Tucked between the mountains, in a little town of Thermont, Maryland lies a colorful orchard. Throughout the season, locals come to enjoy berries, apples and apricots. Busloads of school children come each year to learn about Catoctin Mountain Orchard. Robert Black and his sister, Pat, take pride in growing fresh fruits and vegetables as the second generation on the family farm.
“My dad got the farm in 1961. In the beginning, my father had worked for the gentleman that was here, Mr. Kelbaugh. Mr. Kelbaugh had no children and my father just got more interested in it, so Kelbaugh and my father worked out a deal if my father did a really good job of managing it, he would help share in the profits and that’s how my father got this farm. It’s kind of unique.”
Tags: beck’s hybrids, Why I Farm, family farm, Natalina Sents, Beck’s Blog, Why I Farm Roadtrip, Maryland Farm, Robert Black, Catoctin Moutain Orchard
Just like snowflakes, no two farms are alike. Ohio farmer, Joe Osterholt knows that from experience.
“I’m fortunate to be part of two family farms. I worked at a feed mill and helped my dad and brother on our family farm in western Ohio. But after my wife Jennifer and I got married, I ended up moving to central Ohio because she had just built a house there. I interviewed for a few jobs, but wanted something with a lot of flexibility so I could still go back and help my family. Last year, I helped her dad in the spring and then he offered to let me just keep working with him. I've been helping him on the farm for about a year now.“
Tags: beck’s hybrids, Why I Farm, family farm, Natalina Sents, Beck’s Blog, Why I Farm Roadtrip, Ohio Farm, Joe Osterholt, cattle farm, grain farm
Sometimes following your passion means coming home, right where it all started. Lauren Schwab has traveled internationally, interned in Indiana, and recently graduated from college. But at the end of the day, those experiences pointed her right back to the home farm in southeast Ohio.
Lauren was raised on her family’s hog operation along with her older brother. As a girl, she enjoyed showing pigs. “When you’re younger, you don’t realize what a special opportunity it is to be able to go out and work with your family each day. I have a lot of great memories with my brother growing up learning about the animals. I guess that really taught us responsibility when we were younger.”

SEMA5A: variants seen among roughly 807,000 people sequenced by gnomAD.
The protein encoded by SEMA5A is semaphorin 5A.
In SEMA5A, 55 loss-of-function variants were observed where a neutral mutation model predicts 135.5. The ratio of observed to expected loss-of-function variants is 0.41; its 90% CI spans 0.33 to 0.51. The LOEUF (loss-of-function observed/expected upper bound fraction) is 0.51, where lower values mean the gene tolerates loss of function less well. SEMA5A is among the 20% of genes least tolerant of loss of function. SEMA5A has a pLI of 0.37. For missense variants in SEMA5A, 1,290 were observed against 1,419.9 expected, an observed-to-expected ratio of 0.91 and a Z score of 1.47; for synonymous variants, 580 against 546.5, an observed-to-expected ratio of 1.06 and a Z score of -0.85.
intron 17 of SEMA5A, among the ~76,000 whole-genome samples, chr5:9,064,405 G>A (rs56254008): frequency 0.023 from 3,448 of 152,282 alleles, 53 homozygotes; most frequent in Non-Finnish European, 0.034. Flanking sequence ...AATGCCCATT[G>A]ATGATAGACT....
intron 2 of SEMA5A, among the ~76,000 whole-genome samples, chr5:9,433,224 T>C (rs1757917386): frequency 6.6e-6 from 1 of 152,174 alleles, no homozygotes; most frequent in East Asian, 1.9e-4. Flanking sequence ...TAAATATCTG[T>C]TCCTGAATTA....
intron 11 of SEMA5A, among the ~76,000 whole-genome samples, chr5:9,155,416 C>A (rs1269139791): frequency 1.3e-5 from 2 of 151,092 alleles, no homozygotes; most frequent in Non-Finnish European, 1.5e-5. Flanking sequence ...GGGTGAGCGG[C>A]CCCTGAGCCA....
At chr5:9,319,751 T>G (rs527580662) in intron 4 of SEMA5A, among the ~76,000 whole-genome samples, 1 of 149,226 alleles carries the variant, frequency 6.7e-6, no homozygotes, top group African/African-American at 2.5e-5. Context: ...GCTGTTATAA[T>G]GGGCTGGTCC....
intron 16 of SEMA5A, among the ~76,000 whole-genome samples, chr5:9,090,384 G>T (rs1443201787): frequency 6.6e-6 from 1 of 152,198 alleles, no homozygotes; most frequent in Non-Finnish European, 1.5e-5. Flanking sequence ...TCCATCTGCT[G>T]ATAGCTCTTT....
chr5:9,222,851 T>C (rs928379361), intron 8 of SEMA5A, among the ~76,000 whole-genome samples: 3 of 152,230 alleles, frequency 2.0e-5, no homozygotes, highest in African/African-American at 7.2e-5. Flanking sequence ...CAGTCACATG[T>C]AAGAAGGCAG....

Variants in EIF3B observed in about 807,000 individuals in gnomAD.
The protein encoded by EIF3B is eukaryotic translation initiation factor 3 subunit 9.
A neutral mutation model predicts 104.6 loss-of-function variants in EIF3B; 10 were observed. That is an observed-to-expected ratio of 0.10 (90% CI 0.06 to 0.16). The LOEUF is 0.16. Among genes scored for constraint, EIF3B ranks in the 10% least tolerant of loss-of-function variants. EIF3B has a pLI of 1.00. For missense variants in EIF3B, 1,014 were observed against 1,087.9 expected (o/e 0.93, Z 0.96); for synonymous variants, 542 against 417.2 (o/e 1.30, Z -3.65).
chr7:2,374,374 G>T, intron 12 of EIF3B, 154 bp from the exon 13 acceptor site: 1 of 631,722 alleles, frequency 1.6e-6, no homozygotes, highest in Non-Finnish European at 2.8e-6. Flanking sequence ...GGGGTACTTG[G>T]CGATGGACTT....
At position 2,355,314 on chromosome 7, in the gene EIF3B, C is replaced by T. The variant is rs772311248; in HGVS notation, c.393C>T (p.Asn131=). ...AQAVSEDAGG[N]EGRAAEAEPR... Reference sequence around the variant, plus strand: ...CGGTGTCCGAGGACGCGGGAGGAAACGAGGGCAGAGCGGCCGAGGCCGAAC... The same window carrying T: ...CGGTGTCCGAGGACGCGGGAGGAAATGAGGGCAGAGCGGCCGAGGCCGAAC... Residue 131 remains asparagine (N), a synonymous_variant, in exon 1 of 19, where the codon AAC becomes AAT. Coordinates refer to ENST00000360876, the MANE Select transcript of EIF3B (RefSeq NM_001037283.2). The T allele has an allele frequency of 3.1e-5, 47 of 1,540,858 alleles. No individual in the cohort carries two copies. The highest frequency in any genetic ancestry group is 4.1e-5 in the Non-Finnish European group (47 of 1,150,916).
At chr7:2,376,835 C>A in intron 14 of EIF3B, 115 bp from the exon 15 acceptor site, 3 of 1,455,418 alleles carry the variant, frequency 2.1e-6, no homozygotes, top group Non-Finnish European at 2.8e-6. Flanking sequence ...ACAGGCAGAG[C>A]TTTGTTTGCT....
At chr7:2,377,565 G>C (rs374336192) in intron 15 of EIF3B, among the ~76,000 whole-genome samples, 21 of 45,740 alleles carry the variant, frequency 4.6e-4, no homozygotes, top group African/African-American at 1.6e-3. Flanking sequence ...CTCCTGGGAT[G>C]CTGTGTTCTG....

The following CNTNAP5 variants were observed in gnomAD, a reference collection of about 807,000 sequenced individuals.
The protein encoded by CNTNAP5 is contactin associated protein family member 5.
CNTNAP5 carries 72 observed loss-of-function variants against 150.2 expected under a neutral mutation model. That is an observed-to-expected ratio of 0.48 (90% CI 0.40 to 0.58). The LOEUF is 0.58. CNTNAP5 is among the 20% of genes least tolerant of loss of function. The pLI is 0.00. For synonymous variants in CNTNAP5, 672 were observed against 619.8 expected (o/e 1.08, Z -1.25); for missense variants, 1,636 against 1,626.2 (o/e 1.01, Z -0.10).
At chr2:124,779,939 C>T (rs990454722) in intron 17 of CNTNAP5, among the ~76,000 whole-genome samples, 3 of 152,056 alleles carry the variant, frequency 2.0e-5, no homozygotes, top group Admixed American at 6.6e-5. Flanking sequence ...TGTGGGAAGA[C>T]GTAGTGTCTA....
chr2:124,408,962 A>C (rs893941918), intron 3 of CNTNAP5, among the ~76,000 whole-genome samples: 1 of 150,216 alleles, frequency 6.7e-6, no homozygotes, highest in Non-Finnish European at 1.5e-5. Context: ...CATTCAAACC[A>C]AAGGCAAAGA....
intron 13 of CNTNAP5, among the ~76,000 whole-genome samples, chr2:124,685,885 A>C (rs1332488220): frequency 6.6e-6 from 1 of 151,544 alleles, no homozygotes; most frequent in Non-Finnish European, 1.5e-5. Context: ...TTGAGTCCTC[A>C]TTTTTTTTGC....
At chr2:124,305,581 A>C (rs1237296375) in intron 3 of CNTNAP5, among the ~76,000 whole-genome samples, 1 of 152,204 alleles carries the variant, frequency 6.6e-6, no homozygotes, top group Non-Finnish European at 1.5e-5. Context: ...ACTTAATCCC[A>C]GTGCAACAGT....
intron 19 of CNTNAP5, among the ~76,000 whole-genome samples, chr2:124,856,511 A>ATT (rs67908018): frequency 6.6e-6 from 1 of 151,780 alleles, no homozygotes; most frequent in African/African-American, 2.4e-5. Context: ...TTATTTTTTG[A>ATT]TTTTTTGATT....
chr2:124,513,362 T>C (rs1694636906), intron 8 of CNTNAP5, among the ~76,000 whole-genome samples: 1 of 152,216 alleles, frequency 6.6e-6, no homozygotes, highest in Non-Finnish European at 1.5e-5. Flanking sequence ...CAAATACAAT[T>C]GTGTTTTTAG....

Tags: beck’s hybrids, Why I Farm, family farm, Natalina Sents, Beck’s Blog, Why I Farm Roadtrip, Ohio Farm, Lauren Schwav, Schwab Family Farms, pig farm
It’s no secret that farming is hard work. On the hottest summer days, there’s hay to bale. Even in below zero temperatures, livestock need to be fed. Not everyone is cut out for this lifestyle. Farming takes a special kind of toughness.
“My husband and I are the third marriage between two very large German farm families from the Cincinnati area.” Right before her wedding, Rachael Vonderhaar’s grandma pulled her aside. Because there were so many grandkids, Grandma didn’t talk to anyone one on one very often so Rachael knew this was important. For the first time, Grandma shared her trials of being a woman on the farm. “That’s when I realized just how tough her life was. But Grandma reassured me I could handle it. I grew up around agriculture, but it was that day after talking with Grandma that I decided I really wanted to be a farmer.”
Tags: beck’s hybrids, Why I Farm, family farm, Natalina Sents, Beck’s Blog, Why I Farm Roadtrip, Ohio Farm, Rachael Vonderhaar
They say home is where the heart is. That’s especially true for Kris and Carla Wardin. The couple had marketing jobs in Connecticut until nine years ago when they decided to move back to Michigan. Home was calling.